Yesterday, many of you wondered openly why the city was asking about additional bond funding for Decatur Fire Station 1 and the Rec Center in a new Open City Hall question, when renovations to those facilities were also covered under the previous bond referendum.
City Manager Peggy Merriss responded this morning with this statement.
1. Improvements to Fire Station No. 1 were included in the 2007 bond issue.
In estimating what we would need for renovations to Fire Station Number 1 and rebuilding fire Station Number 2 for the total amount of funding, we estimated replacing the existing 2400sf Fire Station No. 2 with a new 2400sf Fire Station No. 2. Instead, in order to provide for placement of two pieces of fire equipment, to provide separate personal areas for each firefighter so that male and female firefighters could have some privacy in sleeping arrangements and bathroom facilities, and to provide alternative emergency management capabilities, Fire Station No. 2 is a 4800sf building. In the end, it cost about double our estimate because it was double the size.
The balance of the public safety funds have been used to design and produce construction documents for Fire Station No. 1. The cost of construction of that facility is currently estimated at $3million. We have submitted a grant application to FEMA for federal stimulus funding for the project but have not had a response.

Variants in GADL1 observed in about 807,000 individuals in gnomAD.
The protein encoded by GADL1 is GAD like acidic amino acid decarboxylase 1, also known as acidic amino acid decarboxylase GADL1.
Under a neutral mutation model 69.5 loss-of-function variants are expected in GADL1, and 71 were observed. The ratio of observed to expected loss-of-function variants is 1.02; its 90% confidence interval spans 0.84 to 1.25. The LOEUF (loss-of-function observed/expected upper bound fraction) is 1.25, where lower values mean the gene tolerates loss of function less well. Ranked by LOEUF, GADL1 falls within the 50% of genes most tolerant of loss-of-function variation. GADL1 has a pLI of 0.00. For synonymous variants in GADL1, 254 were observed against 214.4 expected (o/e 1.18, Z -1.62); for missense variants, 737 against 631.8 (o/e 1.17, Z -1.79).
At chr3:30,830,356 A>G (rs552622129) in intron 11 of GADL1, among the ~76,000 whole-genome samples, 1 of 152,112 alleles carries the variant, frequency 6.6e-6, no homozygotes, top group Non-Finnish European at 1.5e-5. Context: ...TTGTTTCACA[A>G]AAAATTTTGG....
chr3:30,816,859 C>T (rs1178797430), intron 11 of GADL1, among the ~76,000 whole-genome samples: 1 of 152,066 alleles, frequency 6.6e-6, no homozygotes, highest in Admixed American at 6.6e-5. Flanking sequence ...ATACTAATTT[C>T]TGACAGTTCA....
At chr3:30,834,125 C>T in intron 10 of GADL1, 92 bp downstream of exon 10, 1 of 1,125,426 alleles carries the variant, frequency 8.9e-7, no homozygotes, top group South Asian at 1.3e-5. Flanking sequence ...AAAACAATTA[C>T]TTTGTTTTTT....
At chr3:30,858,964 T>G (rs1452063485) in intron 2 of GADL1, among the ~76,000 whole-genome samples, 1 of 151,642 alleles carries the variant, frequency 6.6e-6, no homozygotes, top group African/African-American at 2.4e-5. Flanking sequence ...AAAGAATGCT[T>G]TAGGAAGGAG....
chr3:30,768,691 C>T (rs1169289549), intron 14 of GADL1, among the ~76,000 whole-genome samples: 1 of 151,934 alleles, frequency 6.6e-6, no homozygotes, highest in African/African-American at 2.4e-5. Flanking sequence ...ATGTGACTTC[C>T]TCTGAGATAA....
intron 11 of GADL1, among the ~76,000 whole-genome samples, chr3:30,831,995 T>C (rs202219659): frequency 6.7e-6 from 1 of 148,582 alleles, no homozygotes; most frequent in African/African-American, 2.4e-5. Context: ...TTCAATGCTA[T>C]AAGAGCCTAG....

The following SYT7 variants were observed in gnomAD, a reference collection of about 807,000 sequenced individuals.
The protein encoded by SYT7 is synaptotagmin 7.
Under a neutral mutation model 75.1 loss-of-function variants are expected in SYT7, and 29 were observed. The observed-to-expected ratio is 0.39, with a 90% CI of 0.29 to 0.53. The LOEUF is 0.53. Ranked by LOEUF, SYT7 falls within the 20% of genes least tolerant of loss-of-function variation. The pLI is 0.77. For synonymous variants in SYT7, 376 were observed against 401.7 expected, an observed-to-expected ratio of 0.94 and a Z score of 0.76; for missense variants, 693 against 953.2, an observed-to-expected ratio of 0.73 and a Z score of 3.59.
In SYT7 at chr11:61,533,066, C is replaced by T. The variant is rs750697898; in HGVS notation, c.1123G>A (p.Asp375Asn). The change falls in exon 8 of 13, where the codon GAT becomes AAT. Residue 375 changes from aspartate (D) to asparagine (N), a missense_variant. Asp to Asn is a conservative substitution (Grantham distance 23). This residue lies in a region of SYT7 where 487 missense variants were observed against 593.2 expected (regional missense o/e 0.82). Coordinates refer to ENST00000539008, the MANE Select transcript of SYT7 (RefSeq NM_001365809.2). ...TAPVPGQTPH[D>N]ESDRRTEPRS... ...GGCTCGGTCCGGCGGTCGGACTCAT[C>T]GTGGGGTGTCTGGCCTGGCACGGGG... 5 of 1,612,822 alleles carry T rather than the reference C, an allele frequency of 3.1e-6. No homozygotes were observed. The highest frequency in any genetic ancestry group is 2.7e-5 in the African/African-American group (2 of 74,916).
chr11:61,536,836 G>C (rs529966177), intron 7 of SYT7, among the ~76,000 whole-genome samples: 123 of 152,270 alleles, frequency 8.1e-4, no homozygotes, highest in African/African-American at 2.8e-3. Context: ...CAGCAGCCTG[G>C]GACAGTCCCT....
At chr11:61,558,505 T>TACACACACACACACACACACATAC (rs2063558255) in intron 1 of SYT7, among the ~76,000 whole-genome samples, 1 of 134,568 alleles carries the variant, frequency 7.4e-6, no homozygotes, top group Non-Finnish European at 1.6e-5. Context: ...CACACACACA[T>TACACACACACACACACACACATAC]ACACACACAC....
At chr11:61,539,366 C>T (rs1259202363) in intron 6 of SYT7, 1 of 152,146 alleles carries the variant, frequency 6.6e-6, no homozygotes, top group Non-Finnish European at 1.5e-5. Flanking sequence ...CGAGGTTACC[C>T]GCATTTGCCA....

2. Improvements to the Decatur Recreation Center were also included in the 2007 bond issue.
Recreation improvement funds included rebuilding McKoy Pool, rebuilding the Glenlake bathhouse and improvements to Glenlake Park, the Decatur Recreation Center and purchase of greenspace. Everything has been completed with the exception of Glenlake Park and the Decatur Recreation Center (DRC). We are hoping that the final improvements at Glenlake Park will be completed by the end of June, 2010 (weather allowing). We have completed the DRC master plan and are in the process of completing construction documents and we are currently estimating that the renovations would cost $5million. We have done some repairs and maintenance to the gutter and downspout system at DRC. The recreation portion of the bond funds will be exhausted shortly.
It is really important to note that the $32million in proceeds from the 2007 bond issue was basically an amount that was perceived to be acceptable to the community in terms of adding one mill of additional taxes. This was in addition to the existing .54 mills that was already being levied. The City received $16million from that issuance – and while the budgets were decent estimates for basic renovations, we knew that the amount was not sufficient to meet all the capital needs.
The City does not have a current on-going source of revenue for capital expenditures. The City’s projects have been extremely modest and have capitalized on using resources from others to help us extend our capital dollar. The projects we have completed were badly needed and were built with long-term maintenance and operations costs in mind so that the facilities should last at least another 50 years without significant reconstruction.